Are flood-related warnings reaching linguistically diverse communities?

Hundreds of flood-related warnings have been issued by SES and the state government since the onset of the NSW floods, but are they reaching linguistically diverse communities?

Hemalathasolhyr Satchithanantham and her son Bramooth.

Hemalathasolhyr Satchithanantham (inset, left), along with the body of her son Bramooth (inset, right), was found in a flooded stormwater canal in western Sydney on Tuesday. Source: SBS, AAP

NSW State Emergency Service (SES) has issued more than 170 “warning products” since the onset of the NSW floods, and both news channels and social media have been saturated for days with flood-related alerts from the state government.

But three people from Sydney’s Culturally and Linguistically Diverse (CALD) communities have lost their lives in the floods and concerns are being raised about how effective these warnings are in reaching multicultural communities.

The bodies of 67-year-old Hemalathasolhyr Satchithanantham and her 34-year-old son Bramooth were discovered in a flooded stormwater canal in western Sydney on Tuesday morning.

A day later, NSW Police confirmed they found the body of Beverly Hills man Xianbin Liu in western Sydney floodwaters.
While warnings asking people to stay off the roads were frequently issued by both SES and the state government, members of the CALD communities believe the messages often don’t reach their community members due to language barriers.

Dr Sithamparapillai Thavaseelan, who runs a general practitioner surgery in Toongabbie, in Sydney’s west, told SBS News that neighbourhoods in western Sydney often face this problem.

“When you look at western Sydney, there are a lot of elderly Sri Lankans and some of them are likely to have a language barrier,” Dr Thavaseelan said.

Ms Satchithanantham was the carer for her son, who had a number of medical conditions and was non-verbal.

The mother and son were reported missing on Monday when their car, a white Mazda 3, was found abandoned in an inundated stormwater canal in Wentworthville.
Hemalathasolhyr Satchithanantham
Hemalathasolhyr Satchithanantham and her son Bramooth.
NSW Police launched an investigation and called for public assistance on Monday afternoon to find the missing pair. But due to torrential rain their bodies weren’t discovered until the following day about a kilometre down the canal.

Ms Satchithanantham used to volunteer as a radio broadcaster for Sydney-based Australian Tamil Broadcasting Corporation, where she used to often bump into retired entomologist and fellow broadcaster Dr Victor Rajakulendran.

“She was a very kind-hearted, soft spoken lady. Everyone liked her and at the moment everyone is in shock,” Dr Rajakulendran told SBS News.

Dr Rajakulendran said while Ms Satchithanantham was multilingual and spoke English, many other elderly people of her age from Tamil background may not understand English well.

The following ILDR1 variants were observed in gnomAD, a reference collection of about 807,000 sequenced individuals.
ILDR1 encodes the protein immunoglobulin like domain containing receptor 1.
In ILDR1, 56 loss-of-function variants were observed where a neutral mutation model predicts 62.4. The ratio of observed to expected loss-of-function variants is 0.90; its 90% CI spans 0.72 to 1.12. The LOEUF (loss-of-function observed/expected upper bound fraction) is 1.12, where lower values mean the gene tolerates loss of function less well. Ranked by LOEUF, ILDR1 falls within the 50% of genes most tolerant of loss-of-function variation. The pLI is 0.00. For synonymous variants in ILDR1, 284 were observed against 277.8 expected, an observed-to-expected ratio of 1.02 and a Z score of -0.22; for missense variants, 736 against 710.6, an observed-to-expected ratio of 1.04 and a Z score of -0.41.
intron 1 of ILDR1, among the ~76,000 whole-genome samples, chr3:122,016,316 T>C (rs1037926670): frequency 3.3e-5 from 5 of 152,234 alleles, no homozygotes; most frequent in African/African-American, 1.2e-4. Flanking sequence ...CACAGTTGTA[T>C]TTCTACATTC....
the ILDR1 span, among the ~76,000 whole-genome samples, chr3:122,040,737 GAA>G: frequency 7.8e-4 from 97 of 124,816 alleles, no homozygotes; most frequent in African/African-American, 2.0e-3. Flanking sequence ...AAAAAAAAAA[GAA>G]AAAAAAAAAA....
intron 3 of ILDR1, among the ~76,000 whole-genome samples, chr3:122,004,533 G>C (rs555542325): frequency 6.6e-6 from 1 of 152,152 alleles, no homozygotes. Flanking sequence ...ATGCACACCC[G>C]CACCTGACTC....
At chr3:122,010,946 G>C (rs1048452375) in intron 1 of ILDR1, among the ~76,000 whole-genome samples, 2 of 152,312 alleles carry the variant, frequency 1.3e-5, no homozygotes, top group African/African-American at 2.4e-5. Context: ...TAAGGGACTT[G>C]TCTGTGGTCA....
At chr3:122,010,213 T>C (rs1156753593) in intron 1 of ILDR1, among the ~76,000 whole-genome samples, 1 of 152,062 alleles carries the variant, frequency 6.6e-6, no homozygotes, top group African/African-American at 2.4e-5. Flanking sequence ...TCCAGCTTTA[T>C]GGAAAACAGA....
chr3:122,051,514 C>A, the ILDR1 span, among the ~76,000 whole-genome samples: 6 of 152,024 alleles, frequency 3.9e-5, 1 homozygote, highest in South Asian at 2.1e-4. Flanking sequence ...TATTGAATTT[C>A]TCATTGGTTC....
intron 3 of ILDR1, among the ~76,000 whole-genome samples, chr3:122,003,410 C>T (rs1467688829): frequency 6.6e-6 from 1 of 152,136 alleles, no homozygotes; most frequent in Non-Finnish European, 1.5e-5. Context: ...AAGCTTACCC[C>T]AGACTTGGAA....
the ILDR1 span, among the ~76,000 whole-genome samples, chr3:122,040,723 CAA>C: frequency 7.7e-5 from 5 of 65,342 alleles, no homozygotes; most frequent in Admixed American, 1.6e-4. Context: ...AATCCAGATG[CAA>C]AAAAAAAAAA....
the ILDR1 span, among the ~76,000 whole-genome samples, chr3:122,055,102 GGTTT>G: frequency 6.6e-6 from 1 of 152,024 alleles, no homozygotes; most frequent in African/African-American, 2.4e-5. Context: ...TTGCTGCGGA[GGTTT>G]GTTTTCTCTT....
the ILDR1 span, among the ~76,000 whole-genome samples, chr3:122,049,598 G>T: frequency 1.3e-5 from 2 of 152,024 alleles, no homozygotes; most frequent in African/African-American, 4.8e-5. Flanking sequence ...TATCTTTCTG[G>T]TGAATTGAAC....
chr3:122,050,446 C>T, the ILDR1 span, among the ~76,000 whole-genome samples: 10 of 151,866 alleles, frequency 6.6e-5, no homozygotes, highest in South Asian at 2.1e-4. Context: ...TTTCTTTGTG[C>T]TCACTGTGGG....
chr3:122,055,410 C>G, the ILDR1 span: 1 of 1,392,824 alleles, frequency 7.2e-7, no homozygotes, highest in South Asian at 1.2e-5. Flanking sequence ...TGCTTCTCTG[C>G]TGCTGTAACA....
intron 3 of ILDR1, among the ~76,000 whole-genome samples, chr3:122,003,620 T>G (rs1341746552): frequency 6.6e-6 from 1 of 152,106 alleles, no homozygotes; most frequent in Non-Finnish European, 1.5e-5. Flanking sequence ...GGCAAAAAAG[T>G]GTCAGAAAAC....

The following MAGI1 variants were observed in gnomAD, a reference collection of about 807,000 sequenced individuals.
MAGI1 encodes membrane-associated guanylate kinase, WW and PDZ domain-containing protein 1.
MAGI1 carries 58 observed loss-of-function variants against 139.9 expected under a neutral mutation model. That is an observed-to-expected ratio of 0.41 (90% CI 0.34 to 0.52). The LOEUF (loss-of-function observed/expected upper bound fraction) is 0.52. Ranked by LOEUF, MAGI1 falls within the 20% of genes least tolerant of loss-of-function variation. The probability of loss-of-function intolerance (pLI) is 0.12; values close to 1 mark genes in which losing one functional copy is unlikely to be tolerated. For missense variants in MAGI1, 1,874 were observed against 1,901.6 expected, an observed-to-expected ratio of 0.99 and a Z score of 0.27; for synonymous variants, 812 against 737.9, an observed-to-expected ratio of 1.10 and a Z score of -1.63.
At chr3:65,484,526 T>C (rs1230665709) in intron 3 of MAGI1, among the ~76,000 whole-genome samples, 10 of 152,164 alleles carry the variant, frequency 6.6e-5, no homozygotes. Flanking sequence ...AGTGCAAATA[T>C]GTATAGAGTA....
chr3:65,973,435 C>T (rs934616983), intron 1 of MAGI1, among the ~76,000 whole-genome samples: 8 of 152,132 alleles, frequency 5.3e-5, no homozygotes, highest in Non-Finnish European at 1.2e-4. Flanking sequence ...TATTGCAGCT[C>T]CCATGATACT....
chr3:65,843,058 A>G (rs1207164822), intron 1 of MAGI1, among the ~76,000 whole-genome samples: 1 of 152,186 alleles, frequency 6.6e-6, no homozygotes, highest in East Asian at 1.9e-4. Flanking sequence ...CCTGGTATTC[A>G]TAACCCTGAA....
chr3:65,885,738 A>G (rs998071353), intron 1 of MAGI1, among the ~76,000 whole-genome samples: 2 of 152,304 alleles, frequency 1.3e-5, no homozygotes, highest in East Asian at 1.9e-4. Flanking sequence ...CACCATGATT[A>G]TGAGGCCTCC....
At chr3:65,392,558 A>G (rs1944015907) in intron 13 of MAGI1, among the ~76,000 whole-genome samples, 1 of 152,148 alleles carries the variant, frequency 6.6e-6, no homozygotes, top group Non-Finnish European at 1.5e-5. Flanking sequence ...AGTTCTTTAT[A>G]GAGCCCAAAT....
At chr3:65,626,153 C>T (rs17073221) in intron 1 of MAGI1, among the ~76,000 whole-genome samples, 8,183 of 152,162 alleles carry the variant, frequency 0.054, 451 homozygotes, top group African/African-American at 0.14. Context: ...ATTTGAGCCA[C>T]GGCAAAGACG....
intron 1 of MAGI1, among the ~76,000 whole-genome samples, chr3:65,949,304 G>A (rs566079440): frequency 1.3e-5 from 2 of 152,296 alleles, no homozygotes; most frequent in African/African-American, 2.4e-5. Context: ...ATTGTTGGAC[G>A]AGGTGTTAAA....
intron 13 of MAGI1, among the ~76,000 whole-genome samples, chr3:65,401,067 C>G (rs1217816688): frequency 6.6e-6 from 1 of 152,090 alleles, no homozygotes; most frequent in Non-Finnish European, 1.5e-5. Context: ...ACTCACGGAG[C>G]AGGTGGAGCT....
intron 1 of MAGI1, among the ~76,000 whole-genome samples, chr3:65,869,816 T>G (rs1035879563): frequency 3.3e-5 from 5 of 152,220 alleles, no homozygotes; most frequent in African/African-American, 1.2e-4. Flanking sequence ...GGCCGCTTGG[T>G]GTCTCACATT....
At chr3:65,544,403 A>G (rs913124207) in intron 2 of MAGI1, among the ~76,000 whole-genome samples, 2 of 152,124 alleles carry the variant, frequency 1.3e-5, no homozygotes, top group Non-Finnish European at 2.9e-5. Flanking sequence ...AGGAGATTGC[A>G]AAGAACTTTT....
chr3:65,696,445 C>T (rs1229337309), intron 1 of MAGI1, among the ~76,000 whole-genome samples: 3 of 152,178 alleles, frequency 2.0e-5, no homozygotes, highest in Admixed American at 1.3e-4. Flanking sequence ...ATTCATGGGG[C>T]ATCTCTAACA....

He said Tamil refugees and asylum seekers are also at a higher risk of facing these issues.

According to the 2016 census, more than 27,000 Tamil people — who were born in Sri Lanka — live in Australia, a number that's most likely risen in the past few years.

Dr Sithamparapillai says many of these people are not fluent in English.

“These are people who grew up in a war-torn country, without access to any education. And for them language is a big issue in Australia,” he said.

Dr Thavaseelan says a number of asylum seekers and refugees also suffer from mental health conditions that make them more vulnerable when such natural calamities unfold.

“When you look at their mental health status, they’re isolated from their families [back home]. A lot of them suffer from post-traumatic stress disorder. For many, mainstream news is not important. They don’t watch TV,” he said.

As water levels recede across the state, SES is readying itself for a review.

“We have what’s called an after-action review, where we debrief after these sorts of events,” SES NSW spokesperson Phil Campbell told SBS News.
Flooded Argyle Street at the Camden Bowling Club in Camden in Sydney on Tuesday 8 March 2022. Source: AAP / Dean Lewis
“The fact that we’ve had three deaths tragically from CALD communities and that increasingly we’re seeing people in at-risk situations from these communities [are things] we will look at very seriously during the after-action review process,” Mr Campbell said.

While SES offers generic information on its website in half a dozen other languages, such as simplified Chinese, Arabic, Korean, Vietnamese, Greek and Italian, Mr Campbell confirmed the website doesn’t have the resources to issue emergency alerts in those languages.

“But it’s definitely something we would love to be able to have the ability to do in the future,” he said.

Professor Shelton Peiris from the University of Sydney said sending out emergency alerts in a range of foreign languages will be effective in preventing such fatalities in the future.

In times of emergency, he said, the government should telecast these alerts in foreign languages on mainstream television channels.

“Many people I know don’t speak English, so [flashing emergency] information on TV would be an effective way to reach them,” he said.

Dr Thavaseelan believes building strong ties with community leaders could also address the issue.

“A lot of linguistically diverse people don’t necessarily watch TV or listen to radio, but most people have links with leaders in their community,” he said.

“And if the state government and SES develop ties with these community leaders, it would be much easier for them to reach the members."

To read the SBS Settlement Guide on preparing for and survive floods, click .

5 min read
Published 10 March 2022 at 1:16pm
By Akash Arora, Raymond Selvaraj
Source: SBS News